A study published in the May issue of the Journal of Clinical Sleep Medicine shows that using a wearable sleep tracker may have a positive impact on the perception of sleep quality.

The research, conducted by the University of Arizona Health Sciences Center for Sleep and Circadian Sciences, monitored two weeks of sleep in 32 adults. For the one week they wore a wrist sleep tracker, the participants reported improvement in the perceived quality of their sleep, compared with the week in which they did not wear the device.

“Wearables that measure sleep are increasingly popular, but whether such devices modify sleep behaviors is unclear,” said senior author Dr. Sairam Parthasarathy, professor of medicine and director of the University of Arizona Health Sciences Center for Sleep and Circadian Sciences. “By studying the effect of a wrist-worn device on sleep perception, we found that in healthy individuals, wearables can improve sleep quality. A possible explanation for the observed improvement in sleep quality may be that, when wearing the device, the participants also demonstrated increased physical activity, which, in turn, could have improved sleep quality.”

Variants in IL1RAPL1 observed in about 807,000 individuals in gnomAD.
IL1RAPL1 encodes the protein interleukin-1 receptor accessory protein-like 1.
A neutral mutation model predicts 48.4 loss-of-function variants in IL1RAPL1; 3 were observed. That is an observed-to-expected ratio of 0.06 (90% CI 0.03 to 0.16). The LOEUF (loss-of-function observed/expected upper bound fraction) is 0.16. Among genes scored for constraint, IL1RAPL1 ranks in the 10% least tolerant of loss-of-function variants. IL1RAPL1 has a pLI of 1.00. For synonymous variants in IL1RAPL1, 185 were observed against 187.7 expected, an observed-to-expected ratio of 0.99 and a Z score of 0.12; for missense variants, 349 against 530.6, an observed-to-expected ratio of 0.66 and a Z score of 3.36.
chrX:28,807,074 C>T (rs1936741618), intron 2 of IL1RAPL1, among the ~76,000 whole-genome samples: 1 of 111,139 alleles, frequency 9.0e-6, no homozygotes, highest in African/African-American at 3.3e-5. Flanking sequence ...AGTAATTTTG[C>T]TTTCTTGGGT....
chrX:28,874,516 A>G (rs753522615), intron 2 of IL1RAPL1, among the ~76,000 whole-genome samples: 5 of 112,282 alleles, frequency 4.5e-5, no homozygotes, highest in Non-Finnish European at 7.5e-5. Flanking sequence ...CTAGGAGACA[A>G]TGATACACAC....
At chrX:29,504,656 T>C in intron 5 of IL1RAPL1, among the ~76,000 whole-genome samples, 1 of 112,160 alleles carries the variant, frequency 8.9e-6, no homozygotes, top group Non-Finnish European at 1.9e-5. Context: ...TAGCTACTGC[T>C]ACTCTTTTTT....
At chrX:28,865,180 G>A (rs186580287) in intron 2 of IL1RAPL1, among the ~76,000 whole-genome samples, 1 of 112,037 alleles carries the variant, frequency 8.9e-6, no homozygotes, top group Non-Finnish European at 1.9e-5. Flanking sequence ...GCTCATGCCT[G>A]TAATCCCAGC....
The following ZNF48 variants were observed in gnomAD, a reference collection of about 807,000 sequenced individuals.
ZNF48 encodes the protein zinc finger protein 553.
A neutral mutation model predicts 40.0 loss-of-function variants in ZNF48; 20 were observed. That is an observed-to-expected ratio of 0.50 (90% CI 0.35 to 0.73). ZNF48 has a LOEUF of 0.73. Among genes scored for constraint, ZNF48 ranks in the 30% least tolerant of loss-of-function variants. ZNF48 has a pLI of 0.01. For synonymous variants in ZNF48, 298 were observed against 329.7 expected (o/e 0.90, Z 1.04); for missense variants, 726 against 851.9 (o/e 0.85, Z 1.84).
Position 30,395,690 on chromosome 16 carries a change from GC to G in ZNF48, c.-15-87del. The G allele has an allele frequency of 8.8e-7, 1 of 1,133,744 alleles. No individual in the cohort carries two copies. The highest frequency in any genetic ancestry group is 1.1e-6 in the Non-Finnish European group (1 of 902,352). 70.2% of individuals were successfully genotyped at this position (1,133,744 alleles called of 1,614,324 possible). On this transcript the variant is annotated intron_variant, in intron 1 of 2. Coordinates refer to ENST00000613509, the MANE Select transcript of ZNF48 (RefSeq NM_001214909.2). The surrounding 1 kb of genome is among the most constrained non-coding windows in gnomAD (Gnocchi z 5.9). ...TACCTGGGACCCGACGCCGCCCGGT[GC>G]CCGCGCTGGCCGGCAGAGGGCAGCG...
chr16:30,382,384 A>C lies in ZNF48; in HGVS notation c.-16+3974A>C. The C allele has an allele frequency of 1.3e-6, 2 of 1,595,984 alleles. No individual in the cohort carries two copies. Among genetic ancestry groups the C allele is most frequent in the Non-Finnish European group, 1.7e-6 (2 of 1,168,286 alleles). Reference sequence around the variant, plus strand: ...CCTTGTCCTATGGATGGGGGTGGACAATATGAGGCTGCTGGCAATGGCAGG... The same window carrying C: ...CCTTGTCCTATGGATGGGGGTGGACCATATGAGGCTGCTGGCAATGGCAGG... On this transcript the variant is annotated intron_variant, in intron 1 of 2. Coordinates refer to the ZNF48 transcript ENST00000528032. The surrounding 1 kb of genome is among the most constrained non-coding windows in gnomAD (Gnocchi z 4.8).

The study also compared the results of the wearable device to an in-lab sleep study and found that it accurately measured heart rate and breathing rate. Parthasarathy believes the high accuracy for measuring respiratory rate could improve access to sleep-related care.

“A wearable that can accurately measure sleep and cardiorespiratory variables and that allows cloud-based, remote monitoring could not only facilitate sleep and cardiorespiratory research but could allow us to manage population health,” he said.

The study involved 21 women and 11 men. They had an average age of 24 years. Participants wore the WHOOP Strap 2.0 sleep tracker for one week and were evaluated by in-lab polysomnography on one night while wearing the device. Sleep quality was assessed using the PROMIS Sleep Disturbance Short Form, an eight-item questionnaire.

In a commentary on the study, also published in the May JCSM, Dr. Seema Khosla and Emerson Wickwire, who has a doctorate in psychology, write that the increasing use of wearable sleep devices calls for clinically relevant, standardized validation. They note that this study contributes to the growing body of consumer sleep technology research and includes the novel finding of perceived improvement in sleep by wearing a sleep tracker.

The authors reported no conflicts of interest. The study was funded with a grant to the University of Arizona from WHOOP Inc.

Read more sleep research news from the AASM.